Spot prices have held steady the last couple of week as October comes to a close. The spot prices calculate out to a class 3 price of $17.12 and the last NDPSR comes in at $16.70. Both are bellow Novembers futures. Look for whey to rally to close that gap a little, but still need the buyers to step back into cheese to hit the futures prices.
Weekly Spot Prices
Weekly Future Prices
Cheese: Milk output is increasing in the Northeast, and increased volumes are becoming available for Class III production. Milk availability in the Midwest has, reportedly, not edged lower much in recent weeks. Cheesemakers say Class III milk prices in the Midwest are higher than last year during the same period. In the West, contacts report strong to steady demand for Class III milk and say extra spot loads are somewhat limited. Cheese production is mostly steady in the West. In the Northeast, cheese production is increasing, but plants are
operating below capacity as labor shortages persist. Cheese inventories are said to be comfortable and growing in the region. Cheese inventories are comfortable in the West, though some manufacturers note spot availability is decreasing slightly. Midwest cheese inventories range from balanced to tighter, and demand is mixed from one plant to the other. Retail and food service demand for cheese is mostly steady in the West. In the Northeast, food service demand for mozzarella cheese is strong, and cheddar demand is reported as steady to stronger. (USDA Cheese Highlights)
Butter: Cream availability is increasing in the East and Central regions. Cream is tight in the West, and some butter makers in the region say current prices are causing them to limit their spot purchasing. Retail butter production is strong to steady in the West. Cream multiples are moving lower in the Central region, and butter makers are utilizing cream to run busier schedules. In the East, some processors say they are supplementing contracted loads of cream with spot orders to operate steady production schedules. Retail and food service demands are anticipated to remain steady through the holidays in the East. In the Central region, butter demand is mixed. Food service demand is strong to steady in the West, while retail demand is mixed. Stakeholders in the West say inventories are in good shape for the upcoming 2023 holiday demand. Butter inventories are steady in the East, while salted butter is somewhat tight in the Central region. (USDA Butter Highlights)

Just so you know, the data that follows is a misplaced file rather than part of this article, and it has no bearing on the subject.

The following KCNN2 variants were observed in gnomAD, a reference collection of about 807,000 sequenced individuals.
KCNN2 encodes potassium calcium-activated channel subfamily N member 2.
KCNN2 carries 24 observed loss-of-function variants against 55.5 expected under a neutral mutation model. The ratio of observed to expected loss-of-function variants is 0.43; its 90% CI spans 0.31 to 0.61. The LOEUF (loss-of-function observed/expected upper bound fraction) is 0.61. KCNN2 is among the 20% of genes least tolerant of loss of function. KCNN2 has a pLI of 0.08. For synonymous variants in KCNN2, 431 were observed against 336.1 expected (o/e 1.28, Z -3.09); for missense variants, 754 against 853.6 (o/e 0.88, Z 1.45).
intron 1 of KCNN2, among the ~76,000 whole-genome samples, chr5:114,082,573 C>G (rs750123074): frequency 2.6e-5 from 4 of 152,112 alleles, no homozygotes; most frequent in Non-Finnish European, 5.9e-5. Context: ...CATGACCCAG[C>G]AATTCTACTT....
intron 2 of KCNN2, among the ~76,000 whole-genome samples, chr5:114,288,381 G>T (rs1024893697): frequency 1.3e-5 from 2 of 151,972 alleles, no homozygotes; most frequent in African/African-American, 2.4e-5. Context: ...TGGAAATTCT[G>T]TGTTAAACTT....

Dry Whey: Dry whey prices moved higher across all facets of the range and mostly price series. Activity from spot load buyers for nonpreferred brand loads is reportedly stronger. Both nonpreferred and preferred brand loads commanded some higher prices. A few manufacturers indicate tight inventories. Export demand is moderate. A few stakeholders relay sentiments that recent feed tenders from Asian purchasers and preparations for large yearly celebrations in Asia could garner more demand from Asian buyers. Dry whey production schedules are steady with cheese manufacturers making ample amounts of liquid whey. Market tones for dry whey are bullish. Some stakeholders note demand for proteins, in general, has improved (USDA Dry Whey)
Cold storage was a mixed bag. If you look at the graph above there was a draw down from last month but it is also at the highest point for the last 5 years. That is with one of the hottest finishes to summer that we have had. Milk production is on the rise as the temperatures have dropped. Cull rate is down but with replacement heifers tight, and producers still breading toward beef, the dairy herd is unlikely to grow. Recommendation, put spreads tight to the market. Look to collect the first dollar drop as the current prices are close to cost of production. If there is a rally look to roll the puts higher still leaving the upside open.